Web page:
Objective: Stereotactic radiosurgery has proven effective in the treatment of acoustic neuromas. Prior reports using single-stage radiosurgery consistently have shown excellent tumor control, but only up to a 50 to 73% likelihood of maintaining hearing at pretreatment levels. Staged, frame-based radiosurgery using 12-hour interfraction intervals previously has been shown by our group to achieve excellent tumor control while increasing the rate of hearing preservation at 2 years to 77%. The arrival of CyberKnife (Accuray, Inc., Sunnyvale, CA) image-guided radiosurgery now makes it more practical to treat acoustic neuroma with a staged approach. We hypothesize that such factors may further minimize injury of adjacent cranial nerves. In this retrospective study, we report our experience with staged radiosurgery for managing acoustic neuromas.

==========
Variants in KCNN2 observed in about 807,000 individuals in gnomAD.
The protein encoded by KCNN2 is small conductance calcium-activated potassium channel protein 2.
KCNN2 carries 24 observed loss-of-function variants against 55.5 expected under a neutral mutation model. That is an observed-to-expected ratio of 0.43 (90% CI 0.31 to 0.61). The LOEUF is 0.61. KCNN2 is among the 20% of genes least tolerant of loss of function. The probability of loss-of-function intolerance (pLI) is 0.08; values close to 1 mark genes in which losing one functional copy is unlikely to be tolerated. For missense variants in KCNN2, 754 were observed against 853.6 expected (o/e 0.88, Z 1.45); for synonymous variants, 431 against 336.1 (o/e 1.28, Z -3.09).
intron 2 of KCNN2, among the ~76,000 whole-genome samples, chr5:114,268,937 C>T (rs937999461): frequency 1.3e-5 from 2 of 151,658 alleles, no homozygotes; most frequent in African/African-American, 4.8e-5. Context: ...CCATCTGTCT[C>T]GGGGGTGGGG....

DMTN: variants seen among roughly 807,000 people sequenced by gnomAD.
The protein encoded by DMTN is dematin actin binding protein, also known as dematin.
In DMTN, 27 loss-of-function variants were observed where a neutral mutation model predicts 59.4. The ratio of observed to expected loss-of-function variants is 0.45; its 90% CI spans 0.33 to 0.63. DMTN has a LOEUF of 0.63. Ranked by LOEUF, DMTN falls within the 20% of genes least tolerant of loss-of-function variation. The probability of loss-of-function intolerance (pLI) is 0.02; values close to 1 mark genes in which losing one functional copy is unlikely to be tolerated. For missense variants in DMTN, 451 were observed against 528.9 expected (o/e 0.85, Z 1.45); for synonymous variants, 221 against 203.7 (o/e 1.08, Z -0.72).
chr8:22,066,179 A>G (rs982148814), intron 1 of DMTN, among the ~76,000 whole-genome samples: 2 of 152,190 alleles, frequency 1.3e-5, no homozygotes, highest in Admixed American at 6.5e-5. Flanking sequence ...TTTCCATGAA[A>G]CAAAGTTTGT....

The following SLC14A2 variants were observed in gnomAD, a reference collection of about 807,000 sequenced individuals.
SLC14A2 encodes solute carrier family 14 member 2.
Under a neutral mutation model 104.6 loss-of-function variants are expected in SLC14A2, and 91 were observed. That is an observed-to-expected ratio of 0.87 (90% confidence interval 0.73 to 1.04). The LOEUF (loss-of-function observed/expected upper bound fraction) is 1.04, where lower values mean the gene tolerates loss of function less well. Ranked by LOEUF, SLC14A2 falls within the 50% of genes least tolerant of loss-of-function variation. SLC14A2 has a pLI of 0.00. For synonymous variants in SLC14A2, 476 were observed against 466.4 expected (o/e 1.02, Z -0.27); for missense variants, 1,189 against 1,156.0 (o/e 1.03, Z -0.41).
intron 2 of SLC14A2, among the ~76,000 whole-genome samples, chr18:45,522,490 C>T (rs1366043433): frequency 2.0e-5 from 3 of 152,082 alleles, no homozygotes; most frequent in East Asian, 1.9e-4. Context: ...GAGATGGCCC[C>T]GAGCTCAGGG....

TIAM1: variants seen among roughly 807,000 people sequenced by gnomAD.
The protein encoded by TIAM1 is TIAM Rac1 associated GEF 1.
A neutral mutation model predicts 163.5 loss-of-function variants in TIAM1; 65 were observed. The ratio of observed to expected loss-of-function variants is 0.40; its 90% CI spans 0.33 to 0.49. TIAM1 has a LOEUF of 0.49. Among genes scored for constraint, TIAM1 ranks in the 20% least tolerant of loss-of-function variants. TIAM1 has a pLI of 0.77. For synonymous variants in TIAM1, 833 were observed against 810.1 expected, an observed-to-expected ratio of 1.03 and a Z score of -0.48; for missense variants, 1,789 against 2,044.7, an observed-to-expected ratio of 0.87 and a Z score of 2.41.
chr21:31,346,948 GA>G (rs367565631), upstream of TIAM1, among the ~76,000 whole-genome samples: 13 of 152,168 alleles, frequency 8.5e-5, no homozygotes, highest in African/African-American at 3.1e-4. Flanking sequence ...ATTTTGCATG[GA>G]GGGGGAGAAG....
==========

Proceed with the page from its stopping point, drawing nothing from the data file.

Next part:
Methods: Since 1999, the CyberKnife has been used to treat more than 270 patients with acoustic neuroma at Stanford University. Sixty-one of these patients have now been followed up for a minimum of 36 months and form the basis for the present clinical investigation. Among the treated patients, the mean transverse tumor diameter was 18.5 mm, whereas the total marginal dose was either 18 or 21 Gy using three 6- or 7-Gy fractions. Audiograms and magnetic resonance imaging were obtained at 6-months intervals after treatment for the first 2 years and then annually thereafter.

Results: Of the 61 patients with a minimum of 36 months of follow-up (mean, 48 mo), 74% of patients with serviceable hearing (Gardner-Robinson Class 1-2) maintained serviceable hearing at the last follow-up, and no patient with at least some hearing before treatment lost all hearing on the treated side. Only one treated tumor (2%) progressed after radiosurgery; 29 (48%) of 61 decreased in size and 31 (50%) of the 61 tumors were stable. In no patients did new trigeminal dysfunction develop, nor did any patient experience permanent injury to their facial nerve; two patients experienced transient facial twitching that resolved in 3 to 5 months.